That’s the good news. The medium news is that the sorghum-sudan grass is a little out of control. Seeding it in a mix with buckwheat worked well; we mowed the patch when the buckwheat started to flower and the sudan grass was still little. Well, at least we mowed where we could. The patch neighbours a melon planting whose vines had spilled over into the cover cropped area, so there was nothing we could do without damaging our melons. (Note to selves: plant sprawly viney things next to things that don’t need to be mowed!) So now we have tall woody grass that is trying to flower, which is bad–we don’t need another weed in the fields–so this week Heather went through and cut off the flower heads by hand. We will still have to deal with all of the slow-to-break-down plant material come fall, but luckily we tried sorghum-sudan grass in a non-crucial area of our fields, so (hopefully) it won’t slow us down too much next year. (Thanks to Michael and Arden of Great Day Gardens for the sudan grass seed–we promise we will try it again!)
And then there is the bad news: the area that didn’t get a cover crop at all, and, predictably, grew up in weeds. Just as predictably, that field looked really trashy even after I chisel plowed (that’s a deep plow that breaks up roots and compaction without turning over the soil) and disced twice. The weeds had grown tall and deep-rooted, and then they flowered, so their carbon-to-nitrogen ratio changed to favor more carbon, which doesn’t break down quickly. So we’ll most likely be kicking ourselves when we transplant kohlrabi into that bed in a couple weeks because we’ll have to move aside plant residues to get to actual soil.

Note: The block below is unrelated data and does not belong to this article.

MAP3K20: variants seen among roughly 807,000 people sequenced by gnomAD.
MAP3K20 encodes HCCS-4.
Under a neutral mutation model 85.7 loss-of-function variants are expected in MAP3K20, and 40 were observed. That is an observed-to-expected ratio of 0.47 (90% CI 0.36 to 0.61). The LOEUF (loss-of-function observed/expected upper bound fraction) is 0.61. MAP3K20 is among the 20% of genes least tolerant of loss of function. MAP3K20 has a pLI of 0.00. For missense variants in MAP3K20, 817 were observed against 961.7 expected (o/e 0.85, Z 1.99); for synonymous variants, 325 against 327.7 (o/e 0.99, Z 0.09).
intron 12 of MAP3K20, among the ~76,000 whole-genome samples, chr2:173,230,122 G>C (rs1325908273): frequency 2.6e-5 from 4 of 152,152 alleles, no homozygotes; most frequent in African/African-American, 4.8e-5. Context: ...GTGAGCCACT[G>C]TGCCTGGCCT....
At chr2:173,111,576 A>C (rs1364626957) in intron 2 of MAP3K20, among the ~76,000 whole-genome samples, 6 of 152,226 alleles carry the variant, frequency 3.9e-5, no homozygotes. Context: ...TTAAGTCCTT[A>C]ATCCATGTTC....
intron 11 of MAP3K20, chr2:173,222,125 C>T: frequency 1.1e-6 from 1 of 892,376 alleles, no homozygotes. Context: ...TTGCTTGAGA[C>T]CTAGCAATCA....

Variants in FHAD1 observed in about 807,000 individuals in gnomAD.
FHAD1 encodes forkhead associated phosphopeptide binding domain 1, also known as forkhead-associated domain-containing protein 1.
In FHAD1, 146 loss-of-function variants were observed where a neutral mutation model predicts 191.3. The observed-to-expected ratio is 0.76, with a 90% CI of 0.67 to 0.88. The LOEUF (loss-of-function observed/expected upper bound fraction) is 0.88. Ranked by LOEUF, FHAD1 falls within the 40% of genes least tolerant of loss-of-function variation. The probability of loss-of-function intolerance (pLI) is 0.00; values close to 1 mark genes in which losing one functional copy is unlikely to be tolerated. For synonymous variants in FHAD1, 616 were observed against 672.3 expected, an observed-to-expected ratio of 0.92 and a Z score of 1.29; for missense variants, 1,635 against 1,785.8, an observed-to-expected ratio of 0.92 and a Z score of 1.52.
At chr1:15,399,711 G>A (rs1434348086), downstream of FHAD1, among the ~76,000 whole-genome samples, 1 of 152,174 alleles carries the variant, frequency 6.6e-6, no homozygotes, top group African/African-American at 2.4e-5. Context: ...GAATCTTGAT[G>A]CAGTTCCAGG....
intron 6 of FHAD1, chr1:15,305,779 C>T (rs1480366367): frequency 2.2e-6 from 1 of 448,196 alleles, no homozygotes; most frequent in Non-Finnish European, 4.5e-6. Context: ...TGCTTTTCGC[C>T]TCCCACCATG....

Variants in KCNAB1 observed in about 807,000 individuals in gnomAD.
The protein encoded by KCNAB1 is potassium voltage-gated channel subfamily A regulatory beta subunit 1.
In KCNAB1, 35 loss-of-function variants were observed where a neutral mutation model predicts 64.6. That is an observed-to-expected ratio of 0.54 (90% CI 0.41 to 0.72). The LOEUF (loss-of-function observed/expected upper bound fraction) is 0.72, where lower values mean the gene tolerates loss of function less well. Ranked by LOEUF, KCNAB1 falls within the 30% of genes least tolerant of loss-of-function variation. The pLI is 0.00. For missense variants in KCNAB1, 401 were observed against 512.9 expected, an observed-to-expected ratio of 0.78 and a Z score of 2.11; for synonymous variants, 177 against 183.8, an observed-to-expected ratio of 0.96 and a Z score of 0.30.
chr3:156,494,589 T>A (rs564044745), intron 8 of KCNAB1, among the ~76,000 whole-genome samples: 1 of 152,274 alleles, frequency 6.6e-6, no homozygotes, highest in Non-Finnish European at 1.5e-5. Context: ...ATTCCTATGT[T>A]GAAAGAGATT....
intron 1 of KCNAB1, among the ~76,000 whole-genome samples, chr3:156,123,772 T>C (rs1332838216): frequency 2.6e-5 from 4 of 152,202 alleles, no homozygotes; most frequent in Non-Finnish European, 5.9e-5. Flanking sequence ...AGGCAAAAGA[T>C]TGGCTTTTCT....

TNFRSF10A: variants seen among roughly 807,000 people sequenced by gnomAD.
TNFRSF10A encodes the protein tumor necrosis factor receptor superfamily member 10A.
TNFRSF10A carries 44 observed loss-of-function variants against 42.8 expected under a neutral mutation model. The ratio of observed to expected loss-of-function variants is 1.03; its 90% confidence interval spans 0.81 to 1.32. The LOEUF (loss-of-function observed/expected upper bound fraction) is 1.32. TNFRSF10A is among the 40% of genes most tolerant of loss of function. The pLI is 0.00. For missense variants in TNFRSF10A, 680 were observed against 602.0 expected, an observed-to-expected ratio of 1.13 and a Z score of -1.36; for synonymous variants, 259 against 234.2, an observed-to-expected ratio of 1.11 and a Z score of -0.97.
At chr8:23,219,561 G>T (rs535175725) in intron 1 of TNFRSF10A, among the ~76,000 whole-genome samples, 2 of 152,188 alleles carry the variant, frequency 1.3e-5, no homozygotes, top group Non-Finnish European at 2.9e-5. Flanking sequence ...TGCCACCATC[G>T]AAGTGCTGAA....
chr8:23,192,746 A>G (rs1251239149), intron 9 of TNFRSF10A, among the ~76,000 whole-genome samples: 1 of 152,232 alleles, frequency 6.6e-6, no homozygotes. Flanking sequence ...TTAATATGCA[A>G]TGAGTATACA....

So while we feel like we did a better job this year than last, this mixed bag of experiences serves to motivate us to continue to try to improve our crop succession planning for next year. We clearly still have a lot to learn.
About three inches of snow fell last night. Coarse, wet, heavy spring snow. On nights like these Ben and I tag-team through the night to keep the high tunnel and greenhouse free of snow. He stays up to the wee hours, and then sets an early morning alarm for me.